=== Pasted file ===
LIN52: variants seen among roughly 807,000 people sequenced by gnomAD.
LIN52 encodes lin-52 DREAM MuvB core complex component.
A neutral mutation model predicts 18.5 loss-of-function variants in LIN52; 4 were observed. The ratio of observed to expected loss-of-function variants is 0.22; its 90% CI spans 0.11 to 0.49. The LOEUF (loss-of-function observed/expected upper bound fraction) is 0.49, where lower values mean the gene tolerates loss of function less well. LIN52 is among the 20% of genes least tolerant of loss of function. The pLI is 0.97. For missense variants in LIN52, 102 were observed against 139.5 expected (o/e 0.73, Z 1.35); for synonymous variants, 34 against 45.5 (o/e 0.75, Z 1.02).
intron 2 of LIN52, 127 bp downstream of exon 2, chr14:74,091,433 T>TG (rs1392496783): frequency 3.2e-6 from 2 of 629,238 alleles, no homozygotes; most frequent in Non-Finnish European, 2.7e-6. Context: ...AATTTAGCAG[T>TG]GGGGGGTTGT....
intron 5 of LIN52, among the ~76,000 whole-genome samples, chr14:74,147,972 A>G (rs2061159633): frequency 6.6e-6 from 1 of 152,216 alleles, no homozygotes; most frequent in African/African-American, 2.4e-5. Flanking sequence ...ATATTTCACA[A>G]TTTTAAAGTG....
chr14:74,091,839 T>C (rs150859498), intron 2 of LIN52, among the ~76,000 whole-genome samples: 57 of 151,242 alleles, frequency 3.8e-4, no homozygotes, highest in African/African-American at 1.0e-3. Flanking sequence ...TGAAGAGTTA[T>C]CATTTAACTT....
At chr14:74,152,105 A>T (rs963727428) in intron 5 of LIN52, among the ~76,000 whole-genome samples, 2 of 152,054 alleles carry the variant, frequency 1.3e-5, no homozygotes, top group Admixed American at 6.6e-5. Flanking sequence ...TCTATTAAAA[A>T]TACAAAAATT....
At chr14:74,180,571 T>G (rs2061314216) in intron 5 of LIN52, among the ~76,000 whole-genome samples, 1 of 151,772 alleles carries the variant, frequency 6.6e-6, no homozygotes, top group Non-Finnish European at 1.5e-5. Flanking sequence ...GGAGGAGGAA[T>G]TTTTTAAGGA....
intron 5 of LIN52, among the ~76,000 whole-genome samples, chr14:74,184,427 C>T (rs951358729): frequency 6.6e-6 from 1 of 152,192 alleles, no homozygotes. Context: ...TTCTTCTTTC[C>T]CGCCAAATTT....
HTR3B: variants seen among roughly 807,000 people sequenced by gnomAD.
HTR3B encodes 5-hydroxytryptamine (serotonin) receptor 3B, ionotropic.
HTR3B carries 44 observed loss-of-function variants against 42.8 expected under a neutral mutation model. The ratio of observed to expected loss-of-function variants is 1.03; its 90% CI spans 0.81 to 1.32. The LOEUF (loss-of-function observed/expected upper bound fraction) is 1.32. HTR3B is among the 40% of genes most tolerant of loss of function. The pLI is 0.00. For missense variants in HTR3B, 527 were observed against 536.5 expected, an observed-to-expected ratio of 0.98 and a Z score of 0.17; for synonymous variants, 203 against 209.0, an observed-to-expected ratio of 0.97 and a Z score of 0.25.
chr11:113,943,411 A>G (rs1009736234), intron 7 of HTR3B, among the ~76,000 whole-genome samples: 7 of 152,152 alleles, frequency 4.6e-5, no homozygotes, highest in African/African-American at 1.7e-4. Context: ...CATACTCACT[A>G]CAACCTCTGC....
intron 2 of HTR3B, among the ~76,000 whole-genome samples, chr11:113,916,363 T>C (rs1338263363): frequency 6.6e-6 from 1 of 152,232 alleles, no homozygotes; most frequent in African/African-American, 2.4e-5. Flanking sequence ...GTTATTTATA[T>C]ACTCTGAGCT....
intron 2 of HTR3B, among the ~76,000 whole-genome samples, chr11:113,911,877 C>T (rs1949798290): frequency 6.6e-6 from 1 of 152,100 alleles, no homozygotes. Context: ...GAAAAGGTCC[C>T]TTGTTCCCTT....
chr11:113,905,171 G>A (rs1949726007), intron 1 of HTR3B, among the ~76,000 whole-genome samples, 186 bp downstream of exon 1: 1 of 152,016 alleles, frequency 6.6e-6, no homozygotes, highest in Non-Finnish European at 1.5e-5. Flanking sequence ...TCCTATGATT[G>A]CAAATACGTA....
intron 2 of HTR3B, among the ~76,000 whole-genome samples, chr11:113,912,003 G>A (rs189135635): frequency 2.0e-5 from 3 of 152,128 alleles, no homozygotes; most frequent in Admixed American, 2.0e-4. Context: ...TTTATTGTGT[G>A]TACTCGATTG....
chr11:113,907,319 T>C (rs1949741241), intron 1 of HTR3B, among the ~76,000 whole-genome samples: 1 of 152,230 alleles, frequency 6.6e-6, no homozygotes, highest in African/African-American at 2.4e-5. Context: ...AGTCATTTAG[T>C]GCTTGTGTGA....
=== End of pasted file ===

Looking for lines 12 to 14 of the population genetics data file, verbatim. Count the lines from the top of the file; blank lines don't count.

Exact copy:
HTR3B carries 44 observed loss-of-function variants against 42.8 expected under a neutral mutation model. The ratio of observed to expected loss-of-function variants is 1.03; its 90% CI spans 0.81 to 1.32. The LOEUF (loss-of-function observed/expected upper bound fraction) is 1.32. HTR3B is among the 40% of genes most tolerant of loss of function. The pLI is 0.00. For missense variants in HTR3B, 527 were observed against 536.5 expected, an observed-to-expected ratio of 0.98 and a Z score of 0.17; for synonymous variants, 203 against 209.0, an observed-to-expected ratio of 0.97 and a Z score of 0.25.
chr11:113,943,411 A>G (rs1009736234), intron 7 of HTR3B, among the ~76,000 whole-genome samples: 7 of 152,152 alleles, frequency 4.6e-5, no homozygotes, highest in African/African-American at 1.7e-4. Context: ...CATACTCACT[A>G]CAACCTCTGC....
intron 2 of HTR3B, among the ~76,000 whole-genome samples, chr11:113,916,363 T>C (rs1338263363): frequency 6.6e-6 from 1 of 152,232 alleles, no homozygotes; most frequent in African/African-American, 2.4e-5. Flanking sequence ...GTTATTTATA[T>C]ACTCTGAGCT....